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After all this time

Stack has been moved from server to server, template to template, cared for lovingly and ultimately, somewhat ignored. I am very glad it is still here in some way, even though it ceases to serve the purpose it once did.

If anyone is interested, I am trying to blog my research proposal, which will hopefully turn into my PhD. It’s about libraries, books and design. Start at the bottom of the page.


Every city, every town…

…should have a public liiberrryyyy

Go the lovely people of Colac. I hope you get your library.

Via Alien Onion and Read Alert.


Well we’ve moved in to our brand spanking new renovator’s delight but the boxes are anything but unpacked. Not even the books. I’ve realised how out-of-character this is. The first thing I do when I move into a new rented house is position the bookshelves and start unpacking the books. I make up a new categorisation system every time. Well, that’s not technically correct. I use the same categorisation system (vague Dewey grouping with no real attempt at alphabetisation) but I position the books differently.

It has become more and more difficult to position things as the book collection has grown but the shelf space has not. I usually have an internal argument about which books should be in ‘public’ areas – like the loungeroom – and which books should be in the ‘private’ areas – like the study. I remember reading an article about Kim Beasley a long time ago that discussed this very argument: he had it with his wife. Kim felt that non-fiction and ‘serious’ books should be publicly displayed, his wife felt that fiction looked better to visitors. When I think about my parents’ reading habits I can see them having the same argument. Maybe it’s a gender thing. I don’t know. It’s obviously driven by how we conceive of our book collections and how we think others see us, in light of it.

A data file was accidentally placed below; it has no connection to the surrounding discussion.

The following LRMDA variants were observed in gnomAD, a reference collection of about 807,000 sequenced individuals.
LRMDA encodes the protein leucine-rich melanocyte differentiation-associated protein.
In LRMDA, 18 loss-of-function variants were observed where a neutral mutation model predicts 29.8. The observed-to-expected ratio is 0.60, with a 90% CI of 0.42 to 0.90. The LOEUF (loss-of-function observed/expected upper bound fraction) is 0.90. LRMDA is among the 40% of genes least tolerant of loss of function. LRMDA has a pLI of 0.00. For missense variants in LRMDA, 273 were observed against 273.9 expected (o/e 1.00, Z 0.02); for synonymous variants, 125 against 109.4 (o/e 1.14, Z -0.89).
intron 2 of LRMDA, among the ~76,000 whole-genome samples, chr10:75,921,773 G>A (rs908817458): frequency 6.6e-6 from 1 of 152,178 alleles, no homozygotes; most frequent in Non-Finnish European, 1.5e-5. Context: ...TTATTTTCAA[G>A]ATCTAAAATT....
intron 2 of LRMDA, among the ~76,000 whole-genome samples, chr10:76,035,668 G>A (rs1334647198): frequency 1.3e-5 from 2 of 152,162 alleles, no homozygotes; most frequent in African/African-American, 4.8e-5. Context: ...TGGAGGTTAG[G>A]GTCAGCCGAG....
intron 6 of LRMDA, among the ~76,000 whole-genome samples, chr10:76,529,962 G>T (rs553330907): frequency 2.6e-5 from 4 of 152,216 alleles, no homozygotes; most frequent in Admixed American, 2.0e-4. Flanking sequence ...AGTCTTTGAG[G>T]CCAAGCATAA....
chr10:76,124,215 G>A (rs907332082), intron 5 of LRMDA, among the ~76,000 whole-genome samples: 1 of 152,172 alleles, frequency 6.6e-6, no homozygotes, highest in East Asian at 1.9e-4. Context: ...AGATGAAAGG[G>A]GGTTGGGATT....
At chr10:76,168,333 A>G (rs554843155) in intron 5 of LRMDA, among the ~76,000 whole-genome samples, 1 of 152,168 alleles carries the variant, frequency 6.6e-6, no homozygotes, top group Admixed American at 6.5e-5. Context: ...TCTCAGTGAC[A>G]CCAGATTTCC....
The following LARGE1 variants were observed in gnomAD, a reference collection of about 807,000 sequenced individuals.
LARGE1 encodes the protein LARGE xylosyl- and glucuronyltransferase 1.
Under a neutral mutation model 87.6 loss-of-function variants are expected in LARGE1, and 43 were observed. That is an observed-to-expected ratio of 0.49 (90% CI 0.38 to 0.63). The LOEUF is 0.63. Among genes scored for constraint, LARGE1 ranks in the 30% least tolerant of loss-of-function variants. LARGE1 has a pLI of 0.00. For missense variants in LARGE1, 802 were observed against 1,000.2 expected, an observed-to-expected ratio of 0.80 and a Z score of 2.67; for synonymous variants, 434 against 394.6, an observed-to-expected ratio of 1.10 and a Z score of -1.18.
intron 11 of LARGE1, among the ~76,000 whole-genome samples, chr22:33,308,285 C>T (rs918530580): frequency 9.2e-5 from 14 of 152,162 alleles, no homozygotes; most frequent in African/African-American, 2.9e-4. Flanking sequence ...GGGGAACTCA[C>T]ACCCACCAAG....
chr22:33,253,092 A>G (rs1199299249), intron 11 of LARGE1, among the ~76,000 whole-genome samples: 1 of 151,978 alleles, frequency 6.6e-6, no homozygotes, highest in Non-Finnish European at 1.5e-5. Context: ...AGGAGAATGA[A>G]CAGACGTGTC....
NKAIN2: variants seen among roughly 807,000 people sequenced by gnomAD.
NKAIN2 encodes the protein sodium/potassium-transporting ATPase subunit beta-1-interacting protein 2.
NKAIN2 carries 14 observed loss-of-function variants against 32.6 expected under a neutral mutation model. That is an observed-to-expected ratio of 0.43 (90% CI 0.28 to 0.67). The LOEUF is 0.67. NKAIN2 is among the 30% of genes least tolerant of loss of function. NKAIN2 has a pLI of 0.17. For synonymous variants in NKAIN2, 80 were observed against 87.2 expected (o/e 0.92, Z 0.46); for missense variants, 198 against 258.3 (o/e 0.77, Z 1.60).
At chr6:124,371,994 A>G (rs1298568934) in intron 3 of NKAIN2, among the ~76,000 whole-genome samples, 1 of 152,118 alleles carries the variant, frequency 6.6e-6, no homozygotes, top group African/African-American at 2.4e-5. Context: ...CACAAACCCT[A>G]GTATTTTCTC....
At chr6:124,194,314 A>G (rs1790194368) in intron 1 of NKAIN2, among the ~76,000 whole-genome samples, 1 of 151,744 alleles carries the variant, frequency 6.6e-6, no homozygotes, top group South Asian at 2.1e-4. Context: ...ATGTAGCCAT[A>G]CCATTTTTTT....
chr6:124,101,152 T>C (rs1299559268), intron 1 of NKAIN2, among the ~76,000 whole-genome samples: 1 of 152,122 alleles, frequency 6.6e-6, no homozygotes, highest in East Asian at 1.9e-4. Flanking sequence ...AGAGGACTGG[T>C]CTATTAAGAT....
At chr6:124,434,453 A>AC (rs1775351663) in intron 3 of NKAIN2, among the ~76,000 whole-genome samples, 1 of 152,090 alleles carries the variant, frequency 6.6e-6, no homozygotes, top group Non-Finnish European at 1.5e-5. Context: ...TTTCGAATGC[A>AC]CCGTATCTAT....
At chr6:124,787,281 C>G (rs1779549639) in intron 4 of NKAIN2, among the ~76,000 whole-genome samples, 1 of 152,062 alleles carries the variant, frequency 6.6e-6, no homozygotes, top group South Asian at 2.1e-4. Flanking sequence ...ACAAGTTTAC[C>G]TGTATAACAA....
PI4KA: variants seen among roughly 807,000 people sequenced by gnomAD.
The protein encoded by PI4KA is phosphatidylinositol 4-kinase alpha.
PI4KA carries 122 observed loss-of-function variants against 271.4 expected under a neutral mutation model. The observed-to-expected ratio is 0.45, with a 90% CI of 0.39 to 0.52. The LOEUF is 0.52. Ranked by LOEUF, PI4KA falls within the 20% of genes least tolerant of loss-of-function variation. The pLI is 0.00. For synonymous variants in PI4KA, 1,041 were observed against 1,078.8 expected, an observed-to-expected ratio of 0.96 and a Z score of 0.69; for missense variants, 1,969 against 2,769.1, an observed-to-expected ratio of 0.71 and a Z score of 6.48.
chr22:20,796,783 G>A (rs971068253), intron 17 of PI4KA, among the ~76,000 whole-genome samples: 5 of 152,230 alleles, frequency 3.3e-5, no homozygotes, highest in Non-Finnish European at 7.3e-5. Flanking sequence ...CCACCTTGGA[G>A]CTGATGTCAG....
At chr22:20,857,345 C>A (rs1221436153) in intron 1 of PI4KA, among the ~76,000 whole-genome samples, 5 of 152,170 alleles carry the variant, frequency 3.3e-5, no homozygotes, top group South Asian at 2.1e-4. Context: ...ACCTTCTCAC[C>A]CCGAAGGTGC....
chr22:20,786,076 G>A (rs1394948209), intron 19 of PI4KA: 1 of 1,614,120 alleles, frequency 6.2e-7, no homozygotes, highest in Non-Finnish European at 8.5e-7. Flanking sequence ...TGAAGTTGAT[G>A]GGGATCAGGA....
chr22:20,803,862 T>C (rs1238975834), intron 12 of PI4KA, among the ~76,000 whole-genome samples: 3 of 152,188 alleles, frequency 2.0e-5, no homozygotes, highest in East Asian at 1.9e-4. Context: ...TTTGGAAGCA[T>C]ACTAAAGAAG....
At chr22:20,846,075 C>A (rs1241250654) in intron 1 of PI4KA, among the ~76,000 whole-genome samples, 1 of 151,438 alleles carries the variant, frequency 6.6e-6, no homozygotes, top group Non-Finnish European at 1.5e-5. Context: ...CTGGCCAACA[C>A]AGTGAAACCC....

I remember that article every time I unpack my books.

I’ve been swayed by aesthetic concerns in my recent unpacks, the ‘prettier’ categories of books get to go public. So art, with its big hardcovers and swanky dustjackets, gets to stay. My hardcover/dustjacketed fiction collection has grown in recent years so I usually pick out the best-looking books that I consider to be of quality (ahem) and they stay. Dodgy paperbacks are automatically relegated to private or backrow stacking (I double pack everything these days due to space restrictions) but if the book is Australian or I particularly love it, it goes into consideration for public/front row status.

In years gone by I would have put philosophy and cultural studies (aka teh theory) out there to be seen but the last few moves have seen me squirrel away my Foucault, Deleuze and Guattari, Nietzsche et al. Why? I have no idea. Sudden shame? Boredom?

Lit Crit is sometimes public and sometimes private, depending on what I am working on, or pretending to work on. If I am really into it, it’s more than likely in the study because it’s practical. So if you ever come into my house and see it in the loungeroom you can guess that it won’t be at the front of my mind.